Making engineering productivity about people

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Measuring delivery team productivity, can be a divisive topic. Especially for the people being ‘measured’.

A case in point is the recent McKinsey article, which has touched a bit of a nerve in the developer community.

While tech leaders need to understand team productivity, it’s also important to acknowledge that their people, goals, and projects are unique. Be too scientific, too process-driven in assessing productivity, and we risk measuring the wrong thing, and reaching the wrong outcome.

As Albert Einstein once said: “not everything that counts can be counted and not everything that can be counted counts.”

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It’s more than lines of code…

Software engineering has a long – and not very glorious – history of trying to measure productivity. Tell a team it’s being assessed on deployment frequency, and they’ll happily churn out code to production for you day and night. But does this get us any closer to the actual business value the project’s looking to deliver? Probably not. 

The lines of code example, and today’s rather more scientific metrics, don’t always reflect the complexity of a project. Maybe the team is working on something brand new, pushing boundaries, finding solutions to intricate problems. In this case, they won’t be deploying to production five times a day. They’ll be experimenting, failing and starting again.

What’s stopping progress?

If you’ve got a smart, self-motivated team, I’ve always believed measurement should be about identifying what prevents engineering productivity.

As we’ve talked about before, a good place to start is at the high level: does everyone understand their mission? From here you drill down into what could stop your people being productive. Does the team have a healthy backlog that’s been planned and discussed with all stakeholders? Do individuals have the autonomy to choose what systems, tools and technologies they work with? Are they being held back by other departments, lack of access to infrastructure, limited budgets?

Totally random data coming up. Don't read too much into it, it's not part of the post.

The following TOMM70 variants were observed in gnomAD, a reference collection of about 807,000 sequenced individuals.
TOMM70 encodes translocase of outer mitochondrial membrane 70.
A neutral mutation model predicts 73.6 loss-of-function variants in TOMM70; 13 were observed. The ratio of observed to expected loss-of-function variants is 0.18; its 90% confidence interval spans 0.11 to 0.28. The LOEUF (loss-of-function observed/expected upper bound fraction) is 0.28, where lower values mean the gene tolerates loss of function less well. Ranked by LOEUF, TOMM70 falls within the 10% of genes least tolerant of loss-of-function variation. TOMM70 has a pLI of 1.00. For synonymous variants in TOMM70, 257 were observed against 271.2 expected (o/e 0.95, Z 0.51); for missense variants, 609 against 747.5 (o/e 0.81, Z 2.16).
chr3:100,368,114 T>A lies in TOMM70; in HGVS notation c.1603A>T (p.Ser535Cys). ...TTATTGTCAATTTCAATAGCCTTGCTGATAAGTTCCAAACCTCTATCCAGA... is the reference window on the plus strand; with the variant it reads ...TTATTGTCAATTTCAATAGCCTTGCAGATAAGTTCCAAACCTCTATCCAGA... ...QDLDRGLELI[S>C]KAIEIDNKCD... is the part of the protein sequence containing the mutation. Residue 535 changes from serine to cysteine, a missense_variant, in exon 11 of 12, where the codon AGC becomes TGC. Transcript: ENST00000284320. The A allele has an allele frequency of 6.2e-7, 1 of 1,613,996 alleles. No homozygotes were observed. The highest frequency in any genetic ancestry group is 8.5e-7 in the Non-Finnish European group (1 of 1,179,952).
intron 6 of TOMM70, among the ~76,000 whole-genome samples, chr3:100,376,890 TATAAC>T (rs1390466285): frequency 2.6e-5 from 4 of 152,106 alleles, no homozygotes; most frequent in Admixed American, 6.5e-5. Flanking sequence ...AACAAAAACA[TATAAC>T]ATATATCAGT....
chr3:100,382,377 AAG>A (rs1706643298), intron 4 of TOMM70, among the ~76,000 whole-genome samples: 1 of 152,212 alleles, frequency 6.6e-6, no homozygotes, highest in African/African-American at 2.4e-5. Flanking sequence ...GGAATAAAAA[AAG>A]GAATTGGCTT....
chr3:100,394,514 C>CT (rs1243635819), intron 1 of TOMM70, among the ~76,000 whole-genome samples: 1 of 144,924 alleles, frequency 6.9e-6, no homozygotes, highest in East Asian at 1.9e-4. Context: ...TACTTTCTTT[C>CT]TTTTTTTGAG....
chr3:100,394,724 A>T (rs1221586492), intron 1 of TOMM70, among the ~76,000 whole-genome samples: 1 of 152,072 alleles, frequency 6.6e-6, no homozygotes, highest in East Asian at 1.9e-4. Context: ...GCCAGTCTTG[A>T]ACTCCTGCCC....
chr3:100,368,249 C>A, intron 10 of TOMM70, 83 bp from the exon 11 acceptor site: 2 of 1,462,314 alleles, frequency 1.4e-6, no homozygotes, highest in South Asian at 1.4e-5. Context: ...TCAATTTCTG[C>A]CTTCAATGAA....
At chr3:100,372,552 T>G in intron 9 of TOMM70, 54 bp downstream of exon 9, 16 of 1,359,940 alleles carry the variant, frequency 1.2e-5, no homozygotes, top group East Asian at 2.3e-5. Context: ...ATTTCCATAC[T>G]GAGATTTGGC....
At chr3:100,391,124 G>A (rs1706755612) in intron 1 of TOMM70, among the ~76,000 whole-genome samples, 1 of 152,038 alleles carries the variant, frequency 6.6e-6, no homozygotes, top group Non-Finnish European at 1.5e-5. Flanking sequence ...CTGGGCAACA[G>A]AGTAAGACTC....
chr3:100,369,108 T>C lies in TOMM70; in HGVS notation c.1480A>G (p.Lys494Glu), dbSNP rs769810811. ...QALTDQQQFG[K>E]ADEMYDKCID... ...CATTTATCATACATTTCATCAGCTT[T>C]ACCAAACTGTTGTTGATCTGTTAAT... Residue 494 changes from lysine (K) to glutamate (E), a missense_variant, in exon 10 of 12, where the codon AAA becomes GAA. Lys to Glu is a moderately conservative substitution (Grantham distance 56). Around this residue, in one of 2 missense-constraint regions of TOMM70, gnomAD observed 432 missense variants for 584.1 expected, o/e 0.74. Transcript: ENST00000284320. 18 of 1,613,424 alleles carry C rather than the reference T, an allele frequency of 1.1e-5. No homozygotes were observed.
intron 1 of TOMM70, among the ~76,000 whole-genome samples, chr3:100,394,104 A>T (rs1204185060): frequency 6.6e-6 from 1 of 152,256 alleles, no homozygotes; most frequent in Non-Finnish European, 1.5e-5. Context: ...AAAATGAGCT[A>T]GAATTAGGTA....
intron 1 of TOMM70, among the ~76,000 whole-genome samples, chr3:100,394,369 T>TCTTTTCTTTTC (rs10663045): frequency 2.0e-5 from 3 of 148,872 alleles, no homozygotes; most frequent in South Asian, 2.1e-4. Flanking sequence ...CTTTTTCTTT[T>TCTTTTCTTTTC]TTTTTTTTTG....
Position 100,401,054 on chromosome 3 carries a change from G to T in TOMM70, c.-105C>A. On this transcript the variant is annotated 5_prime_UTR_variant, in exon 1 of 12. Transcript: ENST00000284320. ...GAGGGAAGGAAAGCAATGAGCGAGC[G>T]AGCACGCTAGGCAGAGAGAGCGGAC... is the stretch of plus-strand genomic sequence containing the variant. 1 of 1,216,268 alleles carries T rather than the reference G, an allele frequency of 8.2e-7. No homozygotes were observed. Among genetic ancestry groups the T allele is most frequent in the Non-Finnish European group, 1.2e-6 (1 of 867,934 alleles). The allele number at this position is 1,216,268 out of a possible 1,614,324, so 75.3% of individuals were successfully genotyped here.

Ultimately, teams are rarely ‘unproductive’ without a reason. The point of this kind of analysis is to uncover the constraints it faces and address them. Then everyone’s empowered teams to do their best work.

Finding the flow

I’m a firm believer in giving teams the tools for success, then letting them get on with it, in their own way. But it also pays to check-in from time to time. For that, a burndown can be great indicator of a sprint or project progress.

Burndown charts (and there are many different ones) tell us a lot about workflow and how our teams are really working. 

A steep incline above the benchmark, for instance, could highlight that the team’s bitten off more than it can chew – maybe it’s not breaking down its work effectively and needs to revisit the project plan. On the other hand, while being ahead of schedule may look good, it might be good. If things are progressing more quickly than expected, it’s possible the work isn’t being delivered to spec and teams are closing tickets having only delivered a small portion of what was asked. Either way, any deviation is cause for a closer look.

Burndown charts are great for visualising progress and are hugely useful for managing both workloads and expectations. They’re also great in keeping teams focused on the end goal. More than any of this though, they flag whether teams need support – without making things too complex.

Keep it simple

I’m not averse to measurement. It certainly serves a purpose. However, attempts to measure productivity 100% objectively or scientifically can be a bit hit and miss. 

Software engineering isn’t a production line, and software engineers shouldn’t feel like they’re working in one. And just like counting lines of code didn’t work in the old days – and certainly didn’t inspire innovative thinking or problem solving – I’m not sure getting more granular with today’s metrics is the answer. It could get in the way of teams achieving the one measure that really counts…value to the business. 

In our experience, it’s important to keep things simple, identify and eliminate the blockers at the very beginning of the project. Then trust your people to deliver. It works for us!

If you’d like to chat further about anything covered in this blog, just give us a shout.